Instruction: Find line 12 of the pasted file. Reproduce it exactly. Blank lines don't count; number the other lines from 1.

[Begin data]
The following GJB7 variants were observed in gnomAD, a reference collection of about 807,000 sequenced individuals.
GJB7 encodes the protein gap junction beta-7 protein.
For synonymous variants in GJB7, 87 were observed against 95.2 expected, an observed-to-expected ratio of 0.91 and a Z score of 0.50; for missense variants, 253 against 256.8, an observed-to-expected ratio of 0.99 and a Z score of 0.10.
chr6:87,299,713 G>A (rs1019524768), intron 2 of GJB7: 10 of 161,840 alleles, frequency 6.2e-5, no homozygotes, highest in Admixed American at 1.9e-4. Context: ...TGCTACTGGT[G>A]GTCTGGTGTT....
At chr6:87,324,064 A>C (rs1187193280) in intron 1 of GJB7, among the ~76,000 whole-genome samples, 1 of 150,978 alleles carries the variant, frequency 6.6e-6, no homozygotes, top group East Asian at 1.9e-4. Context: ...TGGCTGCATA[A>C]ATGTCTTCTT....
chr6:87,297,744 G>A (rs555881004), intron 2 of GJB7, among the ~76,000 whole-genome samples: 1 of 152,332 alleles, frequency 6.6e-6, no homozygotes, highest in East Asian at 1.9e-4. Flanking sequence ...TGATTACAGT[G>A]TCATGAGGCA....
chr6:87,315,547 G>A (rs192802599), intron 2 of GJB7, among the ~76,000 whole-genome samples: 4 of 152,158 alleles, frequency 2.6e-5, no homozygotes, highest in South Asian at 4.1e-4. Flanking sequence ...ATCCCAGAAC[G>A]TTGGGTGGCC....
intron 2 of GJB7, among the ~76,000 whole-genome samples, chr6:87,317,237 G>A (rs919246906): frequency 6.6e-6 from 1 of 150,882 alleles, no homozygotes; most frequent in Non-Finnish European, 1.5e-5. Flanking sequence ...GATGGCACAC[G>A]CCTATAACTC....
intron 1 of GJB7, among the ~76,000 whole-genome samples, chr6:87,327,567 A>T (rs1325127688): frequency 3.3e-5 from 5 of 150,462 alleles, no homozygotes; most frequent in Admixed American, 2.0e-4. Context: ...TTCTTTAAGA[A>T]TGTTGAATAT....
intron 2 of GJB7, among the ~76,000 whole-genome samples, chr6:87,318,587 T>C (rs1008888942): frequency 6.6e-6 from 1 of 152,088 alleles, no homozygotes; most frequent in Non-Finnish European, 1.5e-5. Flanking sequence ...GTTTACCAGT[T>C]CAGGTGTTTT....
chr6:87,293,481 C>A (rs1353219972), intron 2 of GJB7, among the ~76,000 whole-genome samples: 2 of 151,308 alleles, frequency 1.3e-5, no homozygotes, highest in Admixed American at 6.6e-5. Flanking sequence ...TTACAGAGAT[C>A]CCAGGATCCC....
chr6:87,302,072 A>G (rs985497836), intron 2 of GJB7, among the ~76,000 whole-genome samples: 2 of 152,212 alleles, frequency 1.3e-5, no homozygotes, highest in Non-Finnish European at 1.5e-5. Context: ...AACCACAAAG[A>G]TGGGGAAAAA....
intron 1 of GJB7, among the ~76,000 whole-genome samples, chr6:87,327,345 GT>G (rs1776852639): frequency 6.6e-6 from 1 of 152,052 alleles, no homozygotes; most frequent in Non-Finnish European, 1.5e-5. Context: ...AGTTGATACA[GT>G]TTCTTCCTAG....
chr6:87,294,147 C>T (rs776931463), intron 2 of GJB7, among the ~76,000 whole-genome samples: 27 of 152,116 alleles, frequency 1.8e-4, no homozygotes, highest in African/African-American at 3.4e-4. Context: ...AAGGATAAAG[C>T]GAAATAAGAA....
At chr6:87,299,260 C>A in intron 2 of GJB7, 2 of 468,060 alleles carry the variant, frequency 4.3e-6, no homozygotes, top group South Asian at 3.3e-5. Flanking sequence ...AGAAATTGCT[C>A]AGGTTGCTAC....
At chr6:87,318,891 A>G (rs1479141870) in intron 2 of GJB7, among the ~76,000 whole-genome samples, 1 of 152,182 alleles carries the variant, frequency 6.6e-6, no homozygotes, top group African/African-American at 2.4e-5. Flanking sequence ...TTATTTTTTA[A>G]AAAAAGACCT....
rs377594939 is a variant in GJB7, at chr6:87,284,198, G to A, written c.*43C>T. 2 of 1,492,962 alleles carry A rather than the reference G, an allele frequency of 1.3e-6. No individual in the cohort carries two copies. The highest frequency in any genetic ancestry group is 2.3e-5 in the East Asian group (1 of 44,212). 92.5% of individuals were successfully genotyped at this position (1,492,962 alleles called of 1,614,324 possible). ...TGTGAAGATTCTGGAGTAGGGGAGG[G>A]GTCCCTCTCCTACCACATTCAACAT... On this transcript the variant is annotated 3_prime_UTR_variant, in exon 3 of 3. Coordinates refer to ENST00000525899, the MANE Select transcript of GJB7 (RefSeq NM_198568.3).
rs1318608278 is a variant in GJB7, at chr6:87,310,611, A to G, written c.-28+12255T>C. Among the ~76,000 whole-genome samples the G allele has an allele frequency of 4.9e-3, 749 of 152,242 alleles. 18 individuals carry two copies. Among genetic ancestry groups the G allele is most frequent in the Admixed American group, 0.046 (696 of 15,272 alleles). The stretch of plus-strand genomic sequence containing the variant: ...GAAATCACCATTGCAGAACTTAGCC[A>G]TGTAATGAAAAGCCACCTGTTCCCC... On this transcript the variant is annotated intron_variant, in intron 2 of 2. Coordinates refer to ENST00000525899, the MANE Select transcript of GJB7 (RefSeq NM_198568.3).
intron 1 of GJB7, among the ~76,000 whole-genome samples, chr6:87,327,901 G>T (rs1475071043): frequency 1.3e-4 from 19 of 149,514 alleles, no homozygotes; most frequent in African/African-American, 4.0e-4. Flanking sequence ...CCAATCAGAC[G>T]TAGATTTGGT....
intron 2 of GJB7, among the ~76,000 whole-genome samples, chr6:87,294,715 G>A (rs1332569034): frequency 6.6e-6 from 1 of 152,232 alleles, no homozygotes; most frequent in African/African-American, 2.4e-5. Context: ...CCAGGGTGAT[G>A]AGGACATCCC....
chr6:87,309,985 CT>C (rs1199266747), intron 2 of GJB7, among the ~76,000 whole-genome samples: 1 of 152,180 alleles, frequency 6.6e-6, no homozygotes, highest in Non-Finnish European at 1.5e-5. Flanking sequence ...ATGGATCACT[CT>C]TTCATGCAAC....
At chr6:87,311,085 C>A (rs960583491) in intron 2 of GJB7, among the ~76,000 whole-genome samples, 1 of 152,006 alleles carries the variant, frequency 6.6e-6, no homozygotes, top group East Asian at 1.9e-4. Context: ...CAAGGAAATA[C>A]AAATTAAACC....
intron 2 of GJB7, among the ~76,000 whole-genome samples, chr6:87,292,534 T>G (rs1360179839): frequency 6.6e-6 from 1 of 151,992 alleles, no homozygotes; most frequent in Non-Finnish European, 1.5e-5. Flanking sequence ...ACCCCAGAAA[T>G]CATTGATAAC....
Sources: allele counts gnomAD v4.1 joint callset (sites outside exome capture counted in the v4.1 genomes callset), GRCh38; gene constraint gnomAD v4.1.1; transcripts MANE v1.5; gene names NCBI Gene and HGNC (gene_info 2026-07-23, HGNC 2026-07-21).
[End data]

chr6:87,302,072 A>G (rs985497836), intron 2 of GJB7, among the ~76,000 whole-genome samples: 2 of 152,212 alleles, frequency 1.3e-5, no homozygotes, highest in Non-Finnish European at 1.5e-5. Context: ...AACCACAAAG[A>G]TGGGGAAAAA....